Providers’ federal lawsuit against SB8 is officially buried

From last week.

The 5th U.S. Circuit Court of Appeals on Tuesday ended a legal challenge to Texas’ nearly total ban on abortion brought by providers across the state, closing out a contentious court battle that reached the U.S. Supreme Court.

The appeals court dismissed the remaining challenge in the suit after the Texas Supreme Court in March said state licensing officials are not responsible for enforcing the abortion ban and therefore cannot be sued.

A three-judge panel of the 5th Circuit in January asked the state’s high court to resolve this central question to the case, an unusual move made at the request of attorneys for the state that was expected to significantly delay or end the challenge.


In December, a divided U.S. Supreme Court dismissed all but one challenge in the lawsuit brought by abortion providers. Justices allowed a narrower case, targeting state licensing officials, to proceed in Texas courtrooms.

But Tuesday’s action by the 5th Circuit officially dismisses the case.

It was all over but for the shouting when the State Supreme Court ruled that state medical licensing officials do not have authority to enforce SB8, but the real villain as always was the Fifth Circuit, which engineered the result it wanted. Like I said, the fix was in from the beginning.

As the story notes, there are two more active lawsuits to watch, one by abortion funds against several anti-abortion organizations and individuals, and one by Wendy Davis. I feel like the former is more promising than the latter, but who knows. A state judge had previously ruled that SB8 was unconstitutional but for reasons still unclear declined to issue an injunction against it; I suppose that could change at some point. Until then, here we are.

UPDATE: Yes, I’m aware of the leaked draft opinion that eviscerates Roe v Wade. I maintain that the Fifth Circuit is the prime villain of this story, given how they completely disregarded normal procedures, but SCOTUS’ villainy cannot be overstated either.

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One Response to Providers’ federal lawsuit against SB8 is officially buried

  1. Kibitzer Curiae says:

    RE: “A state judge had previously ruled that SB8 was unconstitutional but for reasons still unclear declined to issue an injunction against it.”

    Nothing unclear or mysterious about it, really.

    As for a temporary injunction, there is one already in place by agreement of the parties, as also noted by the Fifth Circuit when they sent the certified question to the SCOTX for confirmation that no public enforcement indeed means no public enforcement as a matter of state-statute construction.

    As for the request for a permanent injunction, the rationale (for no ruling one way or the other) was that fact issues precluded this claim for relief to be resolved summarily, and would therefore have to wait for a trial on the merits (in which disputed evidentiary matters get resolved). Specifically, the factual issue there was whether the defendants were bent on suing the plaintiffs under SB8, which this relevant both to the question of standing and the availability of injunctive relief as a form of redress/remedy.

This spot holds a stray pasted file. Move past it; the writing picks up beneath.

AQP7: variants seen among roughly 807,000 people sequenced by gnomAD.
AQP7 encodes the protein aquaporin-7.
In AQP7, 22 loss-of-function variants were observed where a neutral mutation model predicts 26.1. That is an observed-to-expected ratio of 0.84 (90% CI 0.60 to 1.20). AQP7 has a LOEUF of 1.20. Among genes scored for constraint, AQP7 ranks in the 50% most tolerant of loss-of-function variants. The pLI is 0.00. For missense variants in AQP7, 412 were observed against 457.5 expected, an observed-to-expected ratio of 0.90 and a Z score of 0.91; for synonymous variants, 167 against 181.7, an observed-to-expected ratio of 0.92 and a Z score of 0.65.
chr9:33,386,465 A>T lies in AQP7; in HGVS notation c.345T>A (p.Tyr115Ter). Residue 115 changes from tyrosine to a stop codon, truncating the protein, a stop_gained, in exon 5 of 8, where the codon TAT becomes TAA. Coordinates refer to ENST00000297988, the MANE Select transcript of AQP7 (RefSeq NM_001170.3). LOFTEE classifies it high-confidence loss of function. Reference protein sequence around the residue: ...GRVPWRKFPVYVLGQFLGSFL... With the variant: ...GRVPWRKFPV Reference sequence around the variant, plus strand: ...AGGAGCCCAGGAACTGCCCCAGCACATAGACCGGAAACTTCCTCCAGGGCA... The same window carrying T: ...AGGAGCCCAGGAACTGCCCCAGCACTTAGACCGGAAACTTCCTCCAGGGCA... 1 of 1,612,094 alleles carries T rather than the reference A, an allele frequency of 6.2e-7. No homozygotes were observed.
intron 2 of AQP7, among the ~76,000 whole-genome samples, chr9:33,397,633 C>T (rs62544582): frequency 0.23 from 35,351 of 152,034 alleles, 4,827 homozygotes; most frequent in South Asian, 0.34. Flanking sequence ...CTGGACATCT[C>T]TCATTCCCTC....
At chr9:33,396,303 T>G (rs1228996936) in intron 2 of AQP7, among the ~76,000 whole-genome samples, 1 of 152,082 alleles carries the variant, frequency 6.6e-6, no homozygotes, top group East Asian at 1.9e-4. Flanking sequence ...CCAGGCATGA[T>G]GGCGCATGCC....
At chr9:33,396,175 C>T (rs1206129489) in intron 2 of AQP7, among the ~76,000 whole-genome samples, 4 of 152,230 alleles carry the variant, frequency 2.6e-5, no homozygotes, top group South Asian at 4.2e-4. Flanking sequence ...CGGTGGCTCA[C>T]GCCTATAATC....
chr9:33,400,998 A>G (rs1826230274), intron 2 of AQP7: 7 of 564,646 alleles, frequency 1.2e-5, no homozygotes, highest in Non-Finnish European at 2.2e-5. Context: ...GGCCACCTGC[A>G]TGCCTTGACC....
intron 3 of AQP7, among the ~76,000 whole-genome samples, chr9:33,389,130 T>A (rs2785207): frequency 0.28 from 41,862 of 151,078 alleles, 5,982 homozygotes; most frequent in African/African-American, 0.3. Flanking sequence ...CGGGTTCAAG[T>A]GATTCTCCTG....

Note also that private-individual defendant Dickson got dismissed by the SCOTUS in WWH v. Jackson based on his disclaimer of intent to bring suit. That bolsters the defendants’ claims in Van Stean v. Texas Right to Life that they are not proper targets for injunctive relief either.

    As for the current status of the 14 pending pre-enforcement cases in state court, nothing is happening in the MDL pretrial court because Judge Peeples also denied the defendants’ motion to dismiss under the Texas Citizens Participation Act, a ruling that is immediately appealable and results in an automatic stay of proceedings in the trial court in the interim. This appeal is now fully briefed and it’s up to the Third Court of Appeals (Austin) to deal with it sooner or later. One group of appellees asked for expedited treatment of the TCPA appeal (which is already one of the accelerated variety), but only did so in their brief, not in a separate motion. So it’s not surprising that there is no procedural ruling on the timing issue. The appellate case number is 03-21-00650-CV.

    As for the Fifth Circuit qualifying for the “real villain” designation, note the bottom line in the Justice Alito’s draft majority opinion:

    “The judgment of the Fifth Circuit is reversed, and the case is remanded for further proceedings consistent with this opinion.”

    Nota bene: In Dobbs, they are about to reverse the Fifth Circuit and themselves, though the latter (the pronouncement that Roe was wrong from the start) is technically called something else. The Fifth Circuit is an “inferior” court and was therefore bound by the extant precedent at the time they get to weigh in.

    See Jackson Women’s Health Organization v. Dobbs, 945 F. 3d 265 (5th Circuit Dec 19, 2019, pet. granted)(“we affirm the district court’s invalidation of the law, as well as its discovery rulings and its award of permanent injunctive relief.”).

    Even Judge James Ho concurred in the result, though unhappily: “Supreme Court precedent dictates abortion policy in America. So I am duty bound to affirm the judgment of the district court. But I cannot affirm the opinion of the district court.”

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